We are not the least interested in anachronistic Labour concerns and associated mythology e.g. Grunwick, miners’ strikes, Tolpuddle Martyrs, and projected guilt over slavery. Moreover, strident minorities angling for ever more supposed ‘rights’, e.g. present day ‘identity politics’ and nonsense over ‘gender’, leave many of us cold as they do most of the electorate upon which Labour soon shall depend.

      We, and a soon to be persuaded electorate, seek remedy for broken market-economics, undue concentration of wealth (particularly when giving rise to financial dynasties), unnecessary ‘austerity’ inflicted to sustain moribund financial institutions (especially banks), palpable arrogance among those ‘bailed out’, perceived rampant corruption in politics and beyond, and the blinkered outlook of a class of ‘career’ politicians (across the board) who seem more intent on feathering their own nests (Johnson et al) than steering the UK toward economic well being for all, this coupled with greatly enhanced opportunity for individuals to explore their potentials for giving purpose to life beyond that of subsistence (‘secular spirituality’ rather than the tacky ‘American Dream’ kind of ambition).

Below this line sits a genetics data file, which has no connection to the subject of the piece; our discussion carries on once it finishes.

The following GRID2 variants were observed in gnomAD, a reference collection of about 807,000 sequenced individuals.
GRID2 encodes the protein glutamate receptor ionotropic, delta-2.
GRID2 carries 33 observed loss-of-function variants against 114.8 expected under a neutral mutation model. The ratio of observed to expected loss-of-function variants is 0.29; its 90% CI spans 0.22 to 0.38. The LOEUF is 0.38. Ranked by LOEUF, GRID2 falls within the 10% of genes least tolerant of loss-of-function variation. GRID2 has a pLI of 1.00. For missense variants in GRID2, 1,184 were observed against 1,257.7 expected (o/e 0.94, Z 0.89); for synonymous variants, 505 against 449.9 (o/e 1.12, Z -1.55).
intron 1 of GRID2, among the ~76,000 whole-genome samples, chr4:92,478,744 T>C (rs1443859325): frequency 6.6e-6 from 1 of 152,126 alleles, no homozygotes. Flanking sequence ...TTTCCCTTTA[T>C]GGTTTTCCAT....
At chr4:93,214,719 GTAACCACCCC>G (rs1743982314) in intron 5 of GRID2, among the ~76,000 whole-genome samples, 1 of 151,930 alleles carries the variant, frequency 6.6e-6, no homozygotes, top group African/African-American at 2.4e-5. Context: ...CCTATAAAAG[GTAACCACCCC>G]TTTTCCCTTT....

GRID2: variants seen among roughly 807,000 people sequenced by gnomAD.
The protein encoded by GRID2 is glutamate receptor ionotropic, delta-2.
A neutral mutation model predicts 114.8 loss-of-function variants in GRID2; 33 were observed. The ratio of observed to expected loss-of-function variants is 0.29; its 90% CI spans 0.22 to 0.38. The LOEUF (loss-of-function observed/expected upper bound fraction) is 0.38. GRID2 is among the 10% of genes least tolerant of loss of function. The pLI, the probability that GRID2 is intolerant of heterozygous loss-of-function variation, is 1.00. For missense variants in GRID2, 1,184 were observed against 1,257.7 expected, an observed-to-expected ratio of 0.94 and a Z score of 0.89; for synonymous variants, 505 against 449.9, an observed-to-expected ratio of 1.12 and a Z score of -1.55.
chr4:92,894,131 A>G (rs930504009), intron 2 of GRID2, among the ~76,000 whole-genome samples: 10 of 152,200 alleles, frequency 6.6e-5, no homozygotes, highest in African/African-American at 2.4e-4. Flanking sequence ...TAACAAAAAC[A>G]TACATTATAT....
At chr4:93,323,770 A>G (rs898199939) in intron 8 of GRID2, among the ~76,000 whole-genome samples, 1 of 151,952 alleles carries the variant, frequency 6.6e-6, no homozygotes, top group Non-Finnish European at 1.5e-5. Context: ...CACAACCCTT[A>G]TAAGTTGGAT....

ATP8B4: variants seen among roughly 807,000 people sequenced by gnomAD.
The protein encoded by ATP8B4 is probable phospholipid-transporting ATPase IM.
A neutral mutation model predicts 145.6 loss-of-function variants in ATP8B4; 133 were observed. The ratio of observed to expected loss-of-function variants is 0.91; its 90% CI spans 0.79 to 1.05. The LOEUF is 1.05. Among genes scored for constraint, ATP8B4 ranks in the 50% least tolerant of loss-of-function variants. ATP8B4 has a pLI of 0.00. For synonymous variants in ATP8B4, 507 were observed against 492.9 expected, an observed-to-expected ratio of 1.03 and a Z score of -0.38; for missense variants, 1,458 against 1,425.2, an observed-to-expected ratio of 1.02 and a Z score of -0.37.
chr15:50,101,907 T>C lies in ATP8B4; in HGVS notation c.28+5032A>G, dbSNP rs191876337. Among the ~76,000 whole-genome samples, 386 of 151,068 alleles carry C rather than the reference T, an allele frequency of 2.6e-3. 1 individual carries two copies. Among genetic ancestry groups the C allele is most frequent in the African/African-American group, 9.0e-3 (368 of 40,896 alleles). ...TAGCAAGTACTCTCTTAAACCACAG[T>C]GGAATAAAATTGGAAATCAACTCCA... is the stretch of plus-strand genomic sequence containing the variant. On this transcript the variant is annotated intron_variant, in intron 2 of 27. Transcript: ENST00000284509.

Ordinary people absorbed in their daily lives of making ends meet and fed shallow expectations of ‘consumerism, have little time or inclination to grasp the ‘big picture’, historical, economic, social, and political, in which they are embedded. People can be persuaded to adopt a simple explanation for their circumstances and ‘solutions’ arising from it. That is all too easy as evident from successes by elements identifying present woes with immigration, harmless minority communities, and supposedly parasitical types living off welfare.